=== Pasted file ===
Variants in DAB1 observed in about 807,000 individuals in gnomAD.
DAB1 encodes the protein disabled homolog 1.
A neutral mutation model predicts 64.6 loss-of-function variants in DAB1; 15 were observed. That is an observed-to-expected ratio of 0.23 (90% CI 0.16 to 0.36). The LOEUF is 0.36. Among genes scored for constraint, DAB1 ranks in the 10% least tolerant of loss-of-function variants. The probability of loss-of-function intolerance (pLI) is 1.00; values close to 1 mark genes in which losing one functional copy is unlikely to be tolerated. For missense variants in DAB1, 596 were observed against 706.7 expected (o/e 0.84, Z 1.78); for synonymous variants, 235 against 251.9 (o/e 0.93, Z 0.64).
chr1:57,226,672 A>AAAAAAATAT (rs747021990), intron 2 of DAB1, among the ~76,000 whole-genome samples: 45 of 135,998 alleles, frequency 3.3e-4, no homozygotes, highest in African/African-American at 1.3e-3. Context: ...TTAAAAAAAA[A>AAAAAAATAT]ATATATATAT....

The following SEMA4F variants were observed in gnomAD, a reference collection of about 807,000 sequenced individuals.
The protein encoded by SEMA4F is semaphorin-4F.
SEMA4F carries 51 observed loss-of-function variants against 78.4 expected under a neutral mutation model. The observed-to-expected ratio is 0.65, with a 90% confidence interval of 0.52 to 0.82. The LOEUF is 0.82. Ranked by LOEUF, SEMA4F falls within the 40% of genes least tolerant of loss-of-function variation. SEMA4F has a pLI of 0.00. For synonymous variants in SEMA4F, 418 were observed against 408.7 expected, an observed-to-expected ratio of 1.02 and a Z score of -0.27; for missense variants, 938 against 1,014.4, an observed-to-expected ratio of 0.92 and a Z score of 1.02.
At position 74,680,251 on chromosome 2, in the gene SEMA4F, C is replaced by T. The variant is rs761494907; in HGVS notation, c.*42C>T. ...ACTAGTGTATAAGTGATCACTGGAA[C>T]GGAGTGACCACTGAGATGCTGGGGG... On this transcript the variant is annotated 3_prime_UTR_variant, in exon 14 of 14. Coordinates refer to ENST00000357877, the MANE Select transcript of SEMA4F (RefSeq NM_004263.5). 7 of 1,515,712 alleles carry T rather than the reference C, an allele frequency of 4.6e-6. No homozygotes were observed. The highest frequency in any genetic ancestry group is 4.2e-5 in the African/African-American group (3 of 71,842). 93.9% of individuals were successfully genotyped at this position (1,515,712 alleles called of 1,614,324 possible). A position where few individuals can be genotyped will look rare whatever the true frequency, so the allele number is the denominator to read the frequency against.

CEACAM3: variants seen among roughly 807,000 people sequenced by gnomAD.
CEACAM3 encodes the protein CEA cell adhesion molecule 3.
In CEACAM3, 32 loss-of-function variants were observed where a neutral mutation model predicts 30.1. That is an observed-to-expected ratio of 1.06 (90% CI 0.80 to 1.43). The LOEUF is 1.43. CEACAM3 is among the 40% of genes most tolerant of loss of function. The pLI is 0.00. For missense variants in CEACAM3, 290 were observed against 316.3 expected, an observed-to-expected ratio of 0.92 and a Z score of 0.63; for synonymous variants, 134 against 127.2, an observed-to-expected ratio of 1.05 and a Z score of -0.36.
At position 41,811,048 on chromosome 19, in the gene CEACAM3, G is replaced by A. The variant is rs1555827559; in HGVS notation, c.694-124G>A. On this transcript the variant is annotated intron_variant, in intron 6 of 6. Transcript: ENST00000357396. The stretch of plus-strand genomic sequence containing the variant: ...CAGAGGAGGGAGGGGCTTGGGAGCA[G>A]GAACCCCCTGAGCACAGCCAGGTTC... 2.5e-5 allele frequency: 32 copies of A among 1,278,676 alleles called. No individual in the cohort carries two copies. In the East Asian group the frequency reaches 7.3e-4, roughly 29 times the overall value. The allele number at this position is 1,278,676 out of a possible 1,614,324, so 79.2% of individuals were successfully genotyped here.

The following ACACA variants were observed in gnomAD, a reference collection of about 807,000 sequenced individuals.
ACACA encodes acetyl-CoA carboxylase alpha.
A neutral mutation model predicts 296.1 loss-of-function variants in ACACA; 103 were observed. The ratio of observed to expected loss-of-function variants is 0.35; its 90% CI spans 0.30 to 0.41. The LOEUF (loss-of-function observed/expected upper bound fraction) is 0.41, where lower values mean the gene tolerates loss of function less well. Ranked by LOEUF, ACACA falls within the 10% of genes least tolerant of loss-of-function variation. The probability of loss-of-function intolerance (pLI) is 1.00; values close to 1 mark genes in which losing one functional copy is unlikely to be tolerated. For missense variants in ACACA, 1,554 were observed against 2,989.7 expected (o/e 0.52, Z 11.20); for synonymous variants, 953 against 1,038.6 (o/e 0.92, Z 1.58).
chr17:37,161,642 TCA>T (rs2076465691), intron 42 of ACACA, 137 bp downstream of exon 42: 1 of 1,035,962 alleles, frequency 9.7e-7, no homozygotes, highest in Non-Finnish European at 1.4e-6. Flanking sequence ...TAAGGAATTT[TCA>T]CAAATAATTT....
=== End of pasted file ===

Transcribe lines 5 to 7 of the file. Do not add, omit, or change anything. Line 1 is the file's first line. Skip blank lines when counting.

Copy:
The following SEMA4F variants were observed in gnomAD, a reference collection of about 807,000 sequenced individuals.
The protein encoded by SEMA4F is semaphorin-4F.
SEMA4F carries 51 observed loss-of-function variants against 78.4 expected under a neutral mutation model. The observed-to-expected ratio is 0.65, with a 90% confidence interval of 0.52 to 0.82. The LOEUF is 0.82. Ranked by LOEUF, SEMA4F falls within the 40% of genes least tolerant of loss-of-function variation. SEMA4F has a pLI of 0.00. For synonymous variants in SEMA4F, 418 were observed against 408.7 expected, an observed-to-expected ratio of 1.02 and a Z score of -0.27; for missense variants, 938 against 1,014.4, an observed-to-expected ratio of 0.92 and a Z score of 1.02.